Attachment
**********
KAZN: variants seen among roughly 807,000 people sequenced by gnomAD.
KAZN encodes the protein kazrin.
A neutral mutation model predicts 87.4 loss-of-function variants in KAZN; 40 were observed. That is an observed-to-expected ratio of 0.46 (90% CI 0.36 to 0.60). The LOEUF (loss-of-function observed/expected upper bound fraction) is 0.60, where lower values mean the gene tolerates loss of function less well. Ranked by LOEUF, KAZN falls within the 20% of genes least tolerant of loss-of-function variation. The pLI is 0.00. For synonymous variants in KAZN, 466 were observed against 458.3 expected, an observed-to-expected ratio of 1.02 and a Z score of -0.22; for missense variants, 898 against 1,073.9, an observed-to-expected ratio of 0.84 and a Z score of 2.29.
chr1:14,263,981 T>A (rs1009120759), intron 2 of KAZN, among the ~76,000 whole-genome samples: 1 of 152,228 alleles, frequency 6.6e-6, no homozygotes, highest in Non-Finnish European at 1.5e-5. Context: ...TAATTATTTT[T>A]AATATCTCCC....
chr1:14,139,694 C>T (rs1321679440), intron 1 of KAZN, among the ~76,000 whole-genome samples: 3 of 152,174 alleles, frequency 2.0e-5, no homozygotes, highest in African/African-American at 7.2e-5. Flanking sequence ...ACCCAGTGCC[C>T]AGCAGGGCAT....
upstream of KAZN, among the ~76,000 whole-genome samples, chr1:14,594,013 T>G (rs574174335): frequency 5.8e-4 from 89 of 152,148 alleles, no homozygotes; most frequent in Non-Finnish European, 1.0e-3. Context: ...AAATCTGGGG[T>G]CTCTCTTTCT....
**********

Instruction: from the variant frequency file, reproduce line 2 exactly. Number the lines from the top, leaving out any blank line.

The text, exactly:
KAZN encodes the protein kazrin.